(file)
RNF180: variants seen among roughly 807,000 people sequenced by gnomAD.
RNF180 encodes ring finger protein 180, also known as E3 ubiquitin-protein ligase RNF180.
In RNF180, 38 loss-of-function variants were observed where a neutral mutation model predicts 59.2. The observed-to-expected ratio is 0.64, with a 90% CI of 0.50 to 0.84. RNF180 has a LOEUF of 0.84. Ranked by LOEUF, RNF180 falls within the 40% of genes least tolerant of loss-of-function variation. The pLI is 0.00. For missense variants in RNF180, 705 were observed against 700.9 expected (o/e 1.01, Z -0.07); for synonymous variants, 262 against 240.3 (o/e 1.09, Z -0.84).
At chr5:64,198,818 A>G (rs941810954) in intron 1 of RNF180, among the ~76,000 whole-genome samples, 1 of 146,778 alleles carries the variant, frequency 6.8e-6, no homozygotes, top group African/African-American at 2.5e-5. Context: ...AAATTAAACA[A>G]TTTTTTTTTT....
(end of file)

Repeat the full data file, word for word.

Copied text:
RNF180: variants seen among roughly 807,000 people sequenced by gnomAD.
RNF180 encodes ring finger protein 180, also known as E3 ubiquitin-protein ligase RNF180.
In RNF180, 38 loss-of-function variants were observed where a neutral mutation model predicts 59.2. The observed-to-expected ratio is 0.64, with a 90% CI of 0.50 to 0.84. RNF180 has a LOEUF of 0.84. Ranked by LOEUF, RNF180 falls within the 40% of genes least tolerant of loss-of-function variation. The pLI is 0.00. For missense variants in RNF180, 705 were observed against 700.9 expected (o/e 1.01, Z -0.07); for synonymous variants, 262 against 240.3 (o/e 1.09, Z -0.84).
At chr5:64,198,818 A>G (rs941810954) in intron 1 of RNF180, among the ~76,000 whole-genome samples, 1 of 146,778 alleles carries the variant, frequency 6.8e-6, no homozygotes, top group African/African-American at 2.5e-5. Context: ...AAATTAAACA[A>G]TTTTTTTTTT....